By the 29th century the LCARS was, at least partially, replaced by the TCARS. (VOY: "Relativity")

In the alternate reality, in the 2250s, PCAP was the equivalent of LCARS. (Star Trek; Star Trek Into Darkness)

Appendices Edit

Related topics Edit

Background information Edit

LCARS interfaces are seen in almost every episode of Star Trek: The Next Generation, Star Trek: Deep Space Nine, and Star Trek: Voyager. The interfaces seen in Star Trek: The Original Series and Star Trek: Enterprise are never named and their designs are quite different.

A close-up view of one of the science stations aboard the Enterprise-D in "The Vengeance Factor" has the label "Library Computer Subsystems". [1] The full name "Library Computer Access and Retrieval System" can be seen in several episodes, including "The Price", "The Measure Of A Man" and "Conundrum". The phrase "library computer access and retrieval" is spoken in "Encounter at Farpoint")

LCARS Star Trek V sickbay

TNG-style LCARS displays in Star Trek V: The Final Frontier

The sickbay used in Star Trek V: The Final Frontier is a minor redress of the TNG sickbay, and the LCARS panels on the wall are barely altered, so this could be the first LCARS appearance. They also appear in Star Trek VI: The Undiscovered Country just below the warp core, but they do not appear in the 23rd century portion of Star Trek Generations.

According to a Next Generation episode text commentary by Michael and Denise Okuda, the LCARS displays were rarely actual computer simulations; one such example was the computer screen used by Romulan Commander Sela to monitor the Federation fleet during her attempt to smuggle weapons and supplies to Lursa and B'Etor during the Klingon civil war in the episode "Redemption II". This was due, according to the Okudas, to both the high cost and primitive state of computer graphics in the late 1980s and early 1990s. Therefore, most LCARS displays were, in fact, plastic panels with spinning light devices behind them to give the impression that the information on the "displays" was changing.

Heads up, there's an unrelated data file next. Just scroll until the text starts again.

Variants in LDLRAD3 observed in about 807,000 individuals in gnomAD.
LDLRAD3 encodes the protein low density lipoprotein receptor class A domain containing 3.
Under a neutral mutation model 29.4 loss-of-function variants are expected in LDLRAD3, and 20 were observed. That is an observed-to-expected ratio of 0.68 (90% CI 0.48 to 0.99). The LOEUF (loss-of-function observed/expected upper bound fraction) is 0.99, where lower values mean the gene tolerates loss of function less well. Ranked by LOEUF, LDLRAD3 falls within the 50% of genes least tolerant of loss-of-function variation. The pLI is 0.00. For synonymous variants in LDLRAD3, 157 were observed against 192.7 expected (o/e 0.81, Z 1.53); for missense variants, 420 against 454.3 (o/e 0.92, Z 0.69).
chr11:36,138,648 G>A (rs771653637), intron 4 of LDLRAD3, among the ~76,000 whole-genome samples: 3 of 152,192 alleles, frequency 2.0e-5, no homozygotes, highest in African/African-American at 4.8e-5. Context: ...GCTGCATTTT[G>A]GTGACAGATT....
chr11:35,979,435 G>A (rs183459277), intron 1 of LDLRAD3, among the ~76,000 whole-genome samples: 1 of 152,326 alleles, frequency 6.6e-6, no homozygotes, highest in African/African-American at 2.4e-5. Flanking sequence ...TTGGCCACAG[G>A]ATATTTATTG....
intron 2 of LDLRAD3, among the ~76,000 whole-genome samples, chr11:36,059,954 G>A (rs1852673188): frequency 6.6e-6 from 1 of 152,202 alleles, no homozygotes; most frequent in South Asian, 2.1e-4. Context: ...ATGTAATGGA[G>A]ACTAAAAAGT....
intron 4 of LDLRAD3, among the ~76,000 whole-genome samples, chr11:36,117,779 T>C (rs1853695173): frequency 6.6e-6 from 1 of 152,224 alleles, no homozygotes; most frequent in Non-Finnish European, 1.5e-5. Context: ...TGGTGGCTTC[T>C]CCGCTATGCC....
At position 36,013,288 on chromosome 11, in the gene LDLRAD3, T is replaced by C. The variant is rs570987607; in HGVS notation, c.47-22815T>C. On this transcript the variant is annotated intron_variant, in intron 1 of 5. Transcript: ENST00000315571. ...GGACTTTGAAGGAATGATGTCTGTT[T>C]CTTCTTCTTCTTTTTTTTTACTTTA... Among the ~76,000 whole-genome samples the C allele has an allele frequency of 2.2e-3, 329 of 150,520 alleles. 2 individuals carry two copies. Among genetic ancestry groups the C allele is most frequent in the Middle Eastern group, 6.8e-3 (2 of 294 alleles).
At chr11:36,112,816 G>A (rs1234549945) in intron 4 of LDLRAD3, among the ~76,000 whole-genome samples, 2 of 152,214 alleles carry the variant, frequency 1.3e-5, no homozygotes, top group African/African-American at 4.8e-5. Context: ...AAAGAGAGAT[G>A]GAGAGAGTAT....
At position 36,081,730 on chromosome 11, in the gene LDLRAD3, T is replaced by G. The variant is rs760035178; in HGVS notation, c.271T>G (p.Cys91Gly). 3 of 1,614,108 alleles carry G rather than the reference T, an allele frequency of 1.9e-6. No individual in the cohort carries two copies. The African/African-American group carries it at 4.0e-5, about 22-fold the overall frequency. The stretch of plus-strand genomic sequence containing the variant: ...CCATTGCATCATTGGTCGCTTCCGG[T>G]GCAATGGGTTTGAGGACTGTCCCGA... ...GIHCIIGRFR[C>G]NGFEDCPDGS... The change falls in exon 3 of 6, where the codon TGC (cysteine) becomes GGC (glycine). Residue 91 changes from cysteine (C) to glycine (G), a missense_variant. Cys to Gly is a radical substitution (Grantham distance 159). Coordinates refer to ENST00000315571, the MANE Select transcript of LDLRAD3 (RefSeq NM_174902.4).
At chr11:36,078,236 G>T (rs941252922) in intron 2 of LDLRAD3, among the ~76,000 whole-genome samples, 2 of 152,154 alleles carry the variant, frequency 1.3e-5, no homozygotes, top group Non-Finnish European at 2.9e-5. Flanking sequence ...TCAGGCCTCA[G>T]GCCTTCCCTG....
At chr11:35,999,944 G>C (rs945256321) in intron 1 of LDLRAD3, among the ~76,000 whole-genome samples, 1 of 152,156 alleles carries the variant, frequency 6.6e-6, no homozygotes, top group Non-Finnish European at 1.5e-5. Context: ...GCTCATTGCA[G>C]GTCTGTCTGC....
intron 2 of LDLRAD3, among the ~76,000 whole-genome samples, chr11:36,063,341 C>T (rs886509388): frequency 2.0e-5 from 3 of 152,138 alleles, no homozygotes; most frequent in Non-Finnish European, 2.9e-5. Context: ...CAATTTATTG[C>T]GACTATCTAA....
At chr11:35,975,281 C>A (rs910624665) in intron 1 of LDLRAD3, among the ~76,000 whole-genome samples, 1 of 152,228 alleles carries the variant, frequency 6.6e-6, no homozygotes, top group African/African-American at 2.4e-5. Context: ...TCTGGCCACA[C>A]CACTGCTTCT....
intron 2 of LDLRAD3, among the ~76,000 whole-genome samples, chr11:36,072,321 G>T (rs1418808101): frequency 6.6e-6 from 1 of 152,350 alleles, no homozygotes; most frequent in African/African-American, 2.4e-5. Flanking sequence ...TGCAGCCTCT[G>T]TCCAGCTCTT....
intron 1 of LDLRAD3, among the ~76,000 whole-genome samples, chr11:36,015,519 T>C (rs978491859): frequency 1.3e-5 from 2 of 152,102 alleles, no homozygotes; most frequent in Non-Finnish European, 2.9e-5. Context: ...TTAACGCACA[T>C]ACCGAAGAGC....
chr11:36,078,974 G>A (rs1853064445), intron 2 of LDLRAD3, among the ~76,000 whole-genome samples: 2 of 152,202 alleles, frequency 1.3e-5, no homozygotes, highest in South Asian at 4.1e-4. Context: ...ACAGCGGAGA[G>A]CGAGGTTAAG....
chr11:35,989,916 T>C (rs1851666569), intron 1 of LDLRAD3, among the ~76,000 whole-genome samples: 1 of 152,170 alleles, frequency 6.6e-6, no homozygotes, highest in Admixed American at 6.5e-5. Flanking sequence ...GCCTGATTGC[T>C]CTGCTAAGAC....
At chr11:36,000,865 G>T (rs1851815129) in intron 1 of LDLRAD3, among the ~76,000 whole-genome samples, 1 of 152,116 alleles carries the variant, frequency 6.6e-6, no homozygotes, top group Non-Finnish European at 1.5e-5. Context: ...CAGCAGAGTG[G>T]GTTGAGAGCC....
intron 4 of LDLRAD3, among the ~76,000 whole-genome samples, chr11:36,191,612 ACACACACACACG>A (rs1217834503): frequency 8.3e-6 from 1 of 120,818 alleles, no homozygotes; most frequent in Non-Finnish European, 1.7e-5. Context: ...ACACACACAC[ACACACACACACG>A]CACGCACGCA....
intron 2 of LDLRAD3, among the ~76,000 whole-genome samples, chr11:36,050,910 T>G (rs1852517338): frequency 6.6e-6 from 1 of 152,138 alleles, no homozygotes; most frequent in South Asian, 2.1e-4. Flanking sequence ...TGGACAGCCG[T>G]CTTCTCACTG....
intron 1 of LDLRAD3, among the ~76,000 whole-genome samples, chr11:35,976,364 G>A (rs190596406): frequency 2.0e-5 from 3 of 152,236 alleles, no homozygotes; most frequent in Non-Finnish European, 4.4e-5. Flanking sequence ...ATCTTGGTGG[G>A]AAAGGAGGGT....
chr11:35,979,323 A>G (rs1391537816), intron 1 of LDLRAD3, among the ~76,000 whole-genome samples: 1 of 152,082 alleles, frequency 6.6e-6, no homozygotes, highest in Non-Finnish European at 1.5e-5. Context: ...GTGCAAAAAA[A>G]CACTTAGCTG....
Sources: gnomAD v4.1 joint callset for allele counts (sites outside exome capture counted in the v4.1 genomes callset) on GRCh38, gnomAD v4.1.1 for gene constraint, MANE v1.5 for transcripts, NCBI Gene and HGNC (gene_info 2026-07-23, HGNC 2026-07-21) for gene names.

In the first two seasons of The Next Generation, large black rectangles are clearly visible on the LCARS displays on the bridge (and sometimes in main engineering). This was a result of the studio lights reflecting off the displays, which director of photography Edward R. Brown tried to solve by sticking cardboard onto them. When Brown was replaced by Marvin V. Rush for the third season, a number of changes in filming (including better film stock and a smaller number of lights) allowed the LCARS displays to be seen properly. [2]

The interface was updated for Star Trek: Picard by a team that included screenwriter Martin Garner, creative director Chris Kieffer, and designer Andrew Jarvis. [3]

Apocrypha Edit

Deep Space Nine CD Companion

LCARS as seen in the DS9 CD Companion

The LCARS layout has been used in several computer games and applications such as the CD-ROM version of the Star Trek Encyclopedia, as well as the TNG and DS9 CD-ROM Companions. The LCARS layout is also used on the Star Trek PADD app for the Apple iPad.

External link Edit